Why Do I Run- Part 1*

Tuesday, 1 December 2015, By John McAleer

Why do I run?


"I'm just not a runner." Or, "I could never be a runner".

I've heard these phrases countless times.

 

Well if you've got two legs and can read this blog, you are a member of the best endurance running species on the planet.

During our evolution, the moment we stood up on two legs and our lungs were no longer being squeezed by our front legs, our every stride gave us the ability to continue breathing under long sustained efforts and the figurative and literal "leg up" on the other mammals.

 

We might not be anywhere near the fastest, but from point to point across a great distance, we can't be beaten. The 100 mile running race started as a horse race, until one year a man's horse was unable to race so he showed up and ran the whole thing. Next year more showed up and now ultra marathons are a huge global sub culture.


Currently I run 3 days a week, anywhere from 40 to 60kms total distance per week. I got into running because one of my cycling friends at the time got into sprint distance triathlon (750m swim, 20k bike, 5k run). Being a 'slightly' competitive person, I immediately wanted to race a half ironman (2k swim, 90k bike, 21.1k run). After a few of those I realised how much I loved running and really think swimming, beyond leisurely frolicking at the beach or in the pool, should be saved for escaping sharks and completely avoided at all other costs. But that's just me…

 
Running became my number one. The pounding of the pavement seems to rattle everything loose: my muscles after a hard gym or bike session and my negative or aggressive thoughts always seemed to get bounced out by the time I'm done. If things are particularly stressful I've worked out if you run hard enough and get your heart rate high enough, right on the redline, I lose all capacity to focus on anything at all and there is total silence besides the heart and the lungs. I can think of a few occasions where I have been particularly frustrated and irritable where my wife has requested "you need to go running!" And sure enough I return a mellow version of my former self.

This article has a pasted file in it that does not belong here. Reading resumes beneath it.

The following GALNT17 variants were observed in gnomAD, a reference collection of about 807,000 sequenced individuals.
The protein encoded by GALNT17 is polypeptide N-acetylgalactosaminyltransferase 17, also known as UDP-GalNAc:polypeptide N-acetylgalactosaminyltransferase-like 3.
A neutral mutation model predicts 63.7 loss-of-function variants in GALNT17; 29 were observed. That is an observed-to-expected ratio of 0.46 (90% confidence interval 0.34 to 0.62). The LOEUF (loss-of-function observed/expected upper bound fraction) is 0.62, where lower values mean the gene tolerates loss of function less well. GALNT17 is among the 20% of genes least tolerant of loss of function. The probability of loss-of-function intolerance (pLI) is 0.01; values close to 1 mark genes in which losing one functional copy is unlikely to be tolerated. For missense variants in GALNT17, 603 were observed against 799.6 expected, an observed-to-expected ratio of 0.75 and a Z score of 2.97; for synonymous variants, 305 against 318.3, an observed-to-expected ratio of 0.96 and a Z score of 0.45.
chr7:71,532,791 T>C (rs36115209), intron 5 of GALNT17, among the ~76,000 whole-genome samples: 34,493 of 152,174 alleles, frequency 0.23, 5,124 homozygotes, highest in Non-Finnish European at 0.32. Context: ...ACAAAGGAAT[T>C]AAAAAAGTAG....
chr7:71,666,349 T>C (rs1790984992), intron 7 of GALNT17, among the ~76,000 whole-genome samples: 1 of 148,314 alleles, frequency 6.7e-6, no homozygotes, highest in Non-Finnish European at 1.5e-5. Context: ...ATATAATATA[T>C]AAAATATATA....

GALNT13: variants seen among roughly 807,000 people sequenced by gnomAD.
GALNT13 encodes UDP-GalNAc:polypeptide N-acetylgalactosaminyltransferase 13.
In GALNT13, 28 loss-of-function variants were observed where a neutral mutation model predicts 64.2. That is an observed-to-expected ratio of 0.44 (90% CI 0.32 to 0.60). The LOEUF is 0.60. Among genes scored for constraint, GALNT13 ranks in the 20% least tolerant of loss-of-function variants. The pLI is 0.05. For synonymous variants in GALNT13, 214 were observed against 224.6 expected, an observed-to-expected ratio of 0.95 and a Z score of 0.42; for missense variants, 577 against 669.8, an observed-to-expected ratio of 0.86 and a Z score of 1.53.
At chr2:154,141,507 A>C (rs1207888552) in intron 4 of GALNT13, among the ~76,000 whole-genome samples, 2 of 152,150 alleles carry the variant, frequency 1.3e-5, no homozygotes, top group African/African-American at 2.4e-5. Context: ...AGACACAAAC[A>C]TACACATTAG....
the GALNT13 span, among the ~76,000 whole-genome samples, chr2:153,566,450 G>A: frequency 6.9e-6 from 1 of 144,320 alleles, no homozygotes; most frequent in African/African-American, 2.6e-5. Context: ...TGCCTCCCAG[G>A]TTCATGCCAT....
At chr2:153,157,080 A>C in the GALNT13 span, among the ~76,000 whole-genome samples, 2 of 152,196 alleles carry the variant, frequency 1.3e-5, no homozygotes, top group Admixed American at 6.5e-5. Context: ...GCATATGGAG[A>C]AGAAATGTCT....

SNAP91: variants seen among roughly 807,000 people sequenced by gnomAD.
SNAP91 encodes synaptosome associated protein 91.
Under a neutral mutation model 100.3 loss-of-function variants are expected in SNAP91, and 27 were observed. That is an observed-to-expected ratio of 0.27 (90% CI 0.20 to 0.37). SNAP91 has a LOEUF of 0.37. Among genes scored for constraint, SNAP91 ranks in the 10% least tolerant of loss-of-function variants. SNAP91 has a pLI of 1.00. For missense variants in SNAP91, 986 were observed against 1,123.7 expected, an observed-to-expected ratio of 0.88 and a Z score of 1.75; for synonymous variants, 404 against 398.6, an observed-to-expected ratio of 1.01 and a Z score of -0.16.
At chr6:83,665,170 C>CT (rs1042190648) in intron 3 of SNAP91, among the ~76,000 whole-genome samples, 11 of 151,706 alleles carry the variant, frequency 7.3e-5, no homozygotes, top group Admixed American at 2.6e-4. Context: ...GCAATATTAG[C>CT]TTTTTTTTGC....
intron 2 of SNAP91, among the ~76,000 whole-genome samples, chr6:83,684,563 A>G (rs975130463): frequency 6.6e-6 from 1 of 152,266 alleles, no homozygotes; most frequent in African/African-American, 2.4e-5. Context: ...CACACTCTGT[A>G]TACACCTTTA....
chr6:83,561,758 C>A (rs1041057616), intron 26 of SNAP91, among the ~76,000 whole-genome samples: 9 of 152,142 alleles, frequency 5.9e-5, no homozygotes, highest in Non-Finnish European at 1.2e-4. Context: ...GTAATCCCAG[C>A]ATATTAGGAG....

A friend of mine and fellow cyclist who transitioned to running, called running "cycling for the time poor/conscious", after starting a new job and having a kid he didn't have the time for 2-4 hour bike rides a few times a week anymore. But 30mins to 60mins a few times a week is manageable for most.


Time wise you'd be hard pressed to beat running as a cardio workout, I burn approximately 1000 calories per hour when I'm out there on an average run and on a hard run I've done 1000 in 45minutes. Being a high impact activity, when programmed into your week correctly, it's great for strengthening the leg muscles and increasing bone density. So for the mind, the body, and to save yourself some time, you need to start running.

 

How to get started?
The simplest method there is was passed down from my father and his father before him and so on. Well that's slightly exaggerated, but my dad did tell me and I know someone told him. You go outside onto your street, start at the nearest power pole and run to the next one, then walk to the one after that, then run again to the next one and so on. The next week you do the same but this time run two power poles and walk one. Then 3 the next week and off you go. If you need something a bit more structured or if you'd rather run with a group I have a run group on a Wednesday that is aimed at helping people work their way up to or improving their 5k run, some starting with only being able to run for a few minutes, others who can run 5k and and are looking to bring their pace up, we've been having great results and seeing new personal records set almost every week. It's exciting for me to watch their progress and probably twice as exciting for them, as they know just how far they have come!

I highly recommend you combine your running with a structured resistance training program, just like my running group do with me, and you'll not only increase your pace, but you will increase your stability, your power, your recovery and you will in fact find running even easier the stronger you become!

 

Whatever you decide to do, the general rule is not to increase your runs by any more than 10% per week, so if you ran 1 kilometer three times a week then the next week you would run 1.1 kilometers 3 times. This may seem like a slow process but your brain and your cardiovascular capacity tend to develop quicker than your bones, muscles and tendons so whilst you may feel up to doubling it or even tripling it one week, I implore you to stick to this rule of 10% for a long life of injury free running.

 

Please stay tuned to my next few articles I will be posting on running. This is just the basics.

 

- John

 

*Disclaimer: Individual results vary based on agreed goals. Click here for details.

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